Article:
Any actor who dons the red boots has to deal with the whole glasses thing, and Newton is no exception. When a pair of glasses is the only disguise, how does an actor make it convincing that no one knows that Supes and Clark are the same person? Newton does a pretty good job, actually, helped by the fact that Clark's glasses are huge! They cover half his face! But beyond that, Newton adopts a different set of mannerisms for both characters, without resorting to anything silly like changing his voice, so you almost believe his character's two halves could be two people. It's also worth noting that he wears the costume well. After the first few episodes, he looks confident and heroic every time he shows up in the costume, instead of just "who's that guy in the unflattering tights?"
And, hey, how about that Mr. Mxyzptlk? Written by comic book legend Dennis "Denny" O'Neill, this is the one episode that will delight comic book fans everywhere. It's an old-school Superman tale, with Mxyzptlk causing all sorts of devilish chaos with his reality-bending powers. Played here with maximum quirkiness by Michael J. Pollard (Sleepaway Camp III: Teenage Wasteland), Mxyzptlk is one of the strangest yet most beloved of Superman's rogues' gallery, and this rare live-action depiction, bolstered by Pollard's goofball performance, makes it the standout episode of the set. It's also one of the few episodes of the season that plays up the Clark/Lana/Superboy love triangle, with Newton and Haiduk giving each other their best puppy-dog-eyes looks. Finally, Superboy dispatches Mxyzptlk in a manner taken straight from the classic comics. Any self-respecting comic book geek will want to check this one out.
Although syndicated TV series from the '80s are not known for their eye-popping visuals, the picture quality on these DVDs is excellent. This is a bright and colorful series, and the colors really pop to life on this four-disc set. The audio is less impressive. I had to turn the volume up unnecessarily high just to make out what the actors were saying.
Newton and producer Ilya Salkind reunite for commentaries on two episodes. Newton constantly makes with the jokes, pointing out continuity errors and background details that date the show. Salkind, however, wants to take the show more seriously, and it seems he can't quite tell when Newton is kidding. Perhaps these two should have recorded commentaries separately. Far better is the "Getting off the Ground" featurette, which covers the creation of the series, the casting of the main characters, and a few production anecdotes. It's good, but it leaves the viewer wanting more. Newton's screen test is included, which shows him auditioning as both Superboy and Clark. Finally, the "excerpt" from the upcoming documentary Look, Up in the Sky! is a thinly disguised advertisement for Bryan Singer's Superman Returns. I certainly hope the actual documentary has more substance than what's shown here.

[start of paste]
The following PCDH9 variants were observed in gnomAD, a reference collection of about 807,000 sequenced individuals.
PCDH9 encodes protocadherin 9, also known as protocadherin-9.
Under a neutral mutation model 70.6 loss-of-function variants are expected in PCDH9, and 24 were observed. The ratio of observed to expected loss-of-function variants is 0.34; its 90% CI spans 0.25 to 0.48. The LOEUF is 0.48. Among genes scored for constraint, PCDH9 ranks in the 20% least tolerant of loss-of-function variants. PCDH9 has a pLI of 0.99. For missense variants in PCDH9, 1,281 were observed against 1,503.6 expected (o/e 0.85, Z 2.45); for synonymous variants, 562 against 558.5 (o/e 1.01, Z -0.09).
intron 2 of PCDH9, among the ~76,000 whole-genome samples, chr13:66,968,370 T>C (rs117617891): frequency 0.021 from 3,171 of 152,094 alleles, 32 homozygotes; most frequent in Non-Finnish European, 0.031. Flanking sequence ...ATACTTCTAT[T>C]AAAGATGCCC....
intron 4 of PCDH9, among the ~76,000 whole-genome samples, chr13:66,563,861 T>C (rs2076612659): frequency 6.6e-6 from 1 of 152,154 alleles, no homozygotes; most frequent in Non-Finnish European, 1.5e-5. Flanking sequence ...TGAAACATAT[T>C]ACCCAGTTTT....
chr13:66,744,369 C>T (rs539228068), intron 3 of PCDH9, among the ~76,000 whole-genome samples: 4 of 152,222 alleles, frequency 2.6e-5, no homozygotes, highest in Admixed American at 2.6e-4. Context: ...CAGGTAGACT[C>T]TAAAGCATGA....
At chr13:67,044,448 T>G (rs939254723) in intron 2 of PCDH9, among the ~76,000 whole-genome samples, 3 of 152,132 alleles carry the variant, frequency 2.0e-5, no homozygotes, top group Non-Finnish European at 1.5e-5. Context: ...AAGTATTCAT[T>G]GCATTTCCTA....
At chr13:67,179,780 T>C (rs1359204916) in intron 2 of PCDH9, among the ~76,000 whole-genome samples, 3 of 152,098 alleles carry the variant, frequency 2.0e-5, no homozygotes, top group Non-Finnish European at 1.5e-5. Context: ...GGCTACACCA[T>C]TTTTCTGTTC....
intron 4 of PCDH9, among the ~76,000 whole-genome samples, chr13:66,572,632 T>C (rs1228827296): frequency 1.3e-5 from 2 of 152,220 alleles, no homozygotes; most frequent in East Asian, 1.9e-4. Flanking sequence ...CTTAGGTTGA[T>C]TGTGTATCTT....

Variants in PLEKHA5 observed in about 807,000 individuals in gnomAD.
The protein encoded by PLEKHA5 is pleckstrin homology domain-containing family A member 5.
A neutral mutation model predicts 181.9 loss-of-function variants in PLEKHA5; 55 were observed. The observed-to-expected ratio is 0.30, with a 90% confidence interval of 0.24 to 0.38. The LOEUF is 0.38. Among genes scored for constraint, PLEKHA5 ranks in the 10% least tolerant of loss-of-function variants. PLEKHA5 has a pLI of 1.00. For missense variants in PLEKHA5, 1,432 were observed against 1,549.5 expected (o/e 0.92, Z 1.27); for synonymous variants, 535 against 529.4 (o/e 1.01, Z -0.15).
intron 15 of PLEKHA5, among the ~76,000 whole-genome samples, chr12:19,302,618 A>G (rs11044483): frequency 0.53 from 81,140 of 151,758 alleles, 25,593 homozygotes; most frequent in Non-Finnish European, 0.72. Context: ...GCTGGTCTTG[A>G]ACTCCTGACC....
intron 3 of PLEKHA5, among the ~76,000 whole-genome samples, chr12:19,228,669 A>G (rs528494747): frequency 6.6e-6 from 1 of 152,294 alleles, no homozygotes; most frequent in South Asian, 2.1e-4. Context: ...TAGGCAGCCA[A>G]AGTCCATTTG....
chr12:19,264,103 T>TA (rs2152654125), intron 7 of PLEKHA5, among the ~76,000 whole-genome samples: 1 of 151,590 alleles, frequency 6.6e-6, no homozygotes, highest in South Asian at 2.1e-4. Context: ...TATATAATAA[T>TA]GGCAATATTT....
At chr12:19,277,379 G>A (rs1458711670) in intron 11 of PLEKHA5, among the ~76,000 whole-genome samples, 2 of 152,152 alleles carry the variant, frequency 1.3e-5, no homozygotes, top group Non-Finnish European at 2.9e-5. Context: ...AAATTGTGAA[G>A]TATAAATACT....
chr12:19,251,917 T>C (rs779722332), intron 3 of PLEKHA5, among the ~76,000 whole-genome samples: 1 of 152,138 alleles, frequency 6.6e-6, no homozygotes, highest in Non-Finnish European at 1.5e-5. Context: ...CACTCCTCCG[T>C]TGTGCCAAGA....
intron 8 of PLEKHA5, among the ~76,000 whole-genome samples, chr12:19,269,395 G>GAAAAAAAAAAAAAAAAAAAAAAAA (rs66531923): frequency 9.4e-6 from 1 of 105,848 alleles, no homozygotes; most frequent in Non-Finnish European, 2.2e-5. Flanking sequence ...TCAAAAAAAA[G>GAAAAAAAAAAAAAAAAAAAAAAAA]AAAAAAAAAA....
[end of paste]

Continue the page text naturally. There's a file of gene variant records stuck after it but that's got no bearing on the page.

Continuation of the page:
The Rebuttal Witnesses
Although the series does improve as it goes along, it remains cheesy and low-budget throughout. Many viewers will have trouble looking past the '80s hair mishaps and fashion nightmares. Although Superboy's landings and takeoffs look great, the blue-screen flying effects are never quite as polished as they could be. Although I love that the series introduces some costumed supervillains, their costumes are usually clunky and awkward. Those who are expecting the character to be treated with absolute seriousness and respect might want to look elsewhere.
The first season is the only one with this cast. After this one, Gerard Christopher took over as Superboy, and Sherman Howard (Bub from Dawn of the Dead) became the new Lex. Stories vary about the circumstances of the change. As far as the first season goes, it might have started out on a bad note, but the series finds its voice as it progresses—and Newton proves himself worthy of the cape.
The trick to watching Superboy is not to take it seriously. The show's creators made it enjoyable by embracing its campy nature, and viewers at home should do the same. It's hardly the definitive take on the character, but it is a lot of silly fun.
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Scales of Justice
Studio: Warner Bros.
• "Superboy: Getting Off the Ground" Making-of Featurette